DNA sequencing and the fossil record tell two different stories of how that settlement went down. The DNA suggests that a single South American ancestor swept into Australia before the continents drifted apart, and the marsupials on each continent then evolved on their own. Fossils, however, support a more complicated picture in which some ancestors made the return journey to South America, meaning that some South American species might have arisen in Australia.
Back in the heady days of a few hundred million yesteryears, going from "Australia" to "South America" was hardly the dramatic peregrination we picture when imagining a little marsupial family making its way through thousands of miles of rough, windy, shark-infested seas, clinging to a forlorn patch of soil and driftwood, arguing over which of them will be forced to eat the other when starvation sets in.
Back then it would have been more like crossing from Oklahoma to Kansas, or maybe from Oklahoma to Nebraska by way of Kansas, which -- trust me on this -- is not a dramatic thing to do.
There are songs that make people feel guilty? I have my share of guilt over the usual everyday kinds of things, but music doesn't figure in those. I can't even report anything as interesting as songs I've avoided over the guilty feelings they conjure.
Maybe the closest to this is "Man in Black" and "Folsom Prison Blues," two of Johnny Cash's classic songs that remind me to be courageous and principled, even in matters as frivolous as the choice of clothing.
This is part of the 30-Day Music Meme.
Tuesday, July 27, 2010
This sign seen recently in Indiana is notable for how it quotes the Bible accurately -- Leviticus 20:13 really does say that -- and I will charitably assume it accurately transcribes the address of "Cross Bearer Ministry" in Indianapolis.
The only license it takes is with the two nooses, which serves perfectly well to illustrate the idea of putting the offending gay men to death -- indeed, it is milder than what could easily be imagined in its place. Still, for those who care what the Bible says and does not, it is worth noting that death by hanging finds no explicit Biblical warrant: drowning, stoning, poisoning, bludgeoning, decapitation, crucifixion, or shooting could equally fulfill the Biblical demand. The Bible god wants what the Bible god wants, and here, no particular method was prescribed.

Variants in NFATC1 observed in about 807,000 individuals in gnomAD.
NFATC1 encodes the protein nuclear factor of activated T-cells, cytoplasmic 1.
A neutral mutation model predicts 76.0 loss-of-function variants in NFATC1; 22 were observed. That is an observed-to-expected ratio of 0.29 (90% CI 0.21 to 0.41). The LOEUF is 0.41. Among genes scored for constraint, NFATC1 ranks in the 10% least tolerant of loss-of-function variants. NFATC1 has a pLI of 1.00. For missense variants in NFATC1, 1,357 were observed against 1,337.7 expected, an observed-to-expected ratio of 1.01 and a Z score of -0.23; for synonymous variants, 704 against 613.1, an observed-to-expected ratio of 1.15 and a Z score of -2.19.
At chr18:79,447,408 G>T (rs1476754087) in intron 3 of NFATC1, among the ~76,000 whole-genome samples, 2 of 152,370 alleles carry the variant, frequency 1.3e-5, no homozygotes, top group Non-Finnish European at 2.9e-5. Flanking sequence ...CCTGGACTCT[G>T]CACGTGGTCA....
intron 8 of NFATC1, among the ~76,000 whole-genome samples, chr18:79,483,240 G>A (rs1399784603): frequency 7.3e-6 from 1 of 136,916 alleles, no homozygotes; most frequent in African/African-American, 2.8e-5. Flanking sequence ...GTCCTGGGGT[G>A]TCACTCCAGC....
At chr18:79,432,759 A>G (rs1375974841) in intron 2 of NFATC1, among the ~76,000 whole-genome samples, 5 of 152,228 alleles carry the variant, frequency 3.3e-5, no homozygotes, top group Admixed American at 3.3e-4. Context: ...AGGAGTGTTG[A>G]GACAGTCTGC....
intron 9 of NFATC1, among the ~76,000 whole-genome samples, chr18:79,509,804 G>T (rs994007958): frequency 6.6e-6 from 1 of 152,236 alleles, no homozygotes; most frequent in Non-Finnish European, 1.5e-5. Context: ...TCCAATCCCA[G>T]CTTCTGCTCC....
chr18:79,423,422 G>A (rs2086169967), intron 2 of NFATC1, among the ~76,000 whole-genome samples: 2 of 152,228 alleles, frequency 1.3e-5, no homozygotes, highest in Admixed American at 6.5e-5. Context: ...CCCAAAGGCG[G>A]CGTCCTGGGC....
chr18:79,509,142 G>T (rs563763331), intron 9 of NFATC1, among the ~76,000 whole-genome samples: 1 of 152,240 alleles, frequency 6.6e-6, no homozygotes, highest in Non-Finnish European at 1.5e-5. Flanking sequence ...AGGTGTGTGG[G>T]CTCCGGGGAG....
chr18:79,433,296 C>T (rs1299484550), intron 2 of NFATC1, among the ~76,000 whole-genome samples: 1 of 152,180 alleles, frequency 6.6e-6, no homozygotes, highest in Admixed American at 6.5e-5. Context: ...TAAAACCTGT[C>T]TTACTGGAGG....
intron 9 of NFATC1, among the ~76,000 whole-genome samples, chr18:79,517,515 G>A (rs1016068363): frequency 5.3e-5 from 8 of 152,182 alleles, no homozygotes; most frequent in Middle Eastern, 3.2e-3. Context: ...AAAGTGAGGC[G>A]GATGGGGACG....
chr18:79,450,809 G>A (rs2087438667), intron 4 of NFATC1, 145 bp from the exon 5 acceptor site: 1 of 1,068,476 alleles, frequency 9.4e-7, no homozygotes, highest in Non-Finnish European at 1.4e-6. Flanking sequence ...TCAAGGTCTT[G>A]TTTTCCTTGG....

Hanging offenders is perhaps a little old fashioned, but it has all the power it ever had for sending a stern message to the public.
As confirmed in both the sign and an on-site interview there in Indiana, at least some members of the Yankee Taliban are willing to take the Bible god's view of the matter: that people engaged in same-sex relationships deserve the same ending as any genocidal tyrant, and will, on that same account, endure the same eternal fate after death.
The Minnesota Independent, the leading journal for independents from Minnesota (or so I assume), brings this titillating snippet of public dialogue:
George W. Bush - Miss me yet?So it's not Shakespeare, Wilde, Bergman, or Tarantino, but it will do. Even those of us ready to vomit with disappointed rage at the constant stream of chickenshit flowing from the Obama-Biden administration do not miss the judicially-installed stylings of George W. Bush and the lying monster at his side who so often seemed to be orchestrating all the
Unnamed person with spray paint - No
Not even a little bit do we miss George W. Bush. That unnamed person with spray paint speaks for most of us, I daresay. The Obama-Biden team would do well to stop eating into the margin of favor they continue to enjoy over their predecessors. Those margins are running thin, and that shouldn't be.
Asked about the "threat invading our country from Muslims," Ramsey first said that he is "all about freedom of religion," proclaiming fealty to the first amendment to the Constitution. But he went on to add that "you cross the line when they start bringing Sharia Law in the state of Tennessee, the United States."If only Ramsey had stopped at that Sharia part, I probably wouldn't have needed to write this blog post. But the one thing we know about this Ramsey guy is that he just won't stand down from a challenge -- not when a Yankee challenges him with a guitar, and not when others seek to out-bat-shit him in a political race. You can take the yokel off the backwoods porch in Georgia, but you can't take the Georgia backwoods out of the yokel.
"Now, you could even argue whether being a Muslim is actually a religion, or is it a nationality, way of life, a cult, whatever you want to call it," Ramsey said. "But certainly we do protect our religions, but at the same time, this is something we are going to have to face."
Now they don't know much down there in the backwoods, but they know what they know, and they are even more certain of what they think they know, and they know -- or think they know -- that any "religion" that doesn't begin and end with Jesus is a sleazy cult, or possibly a one-world-government plot, or maybe just a way to meddle in their ways down there. Or something.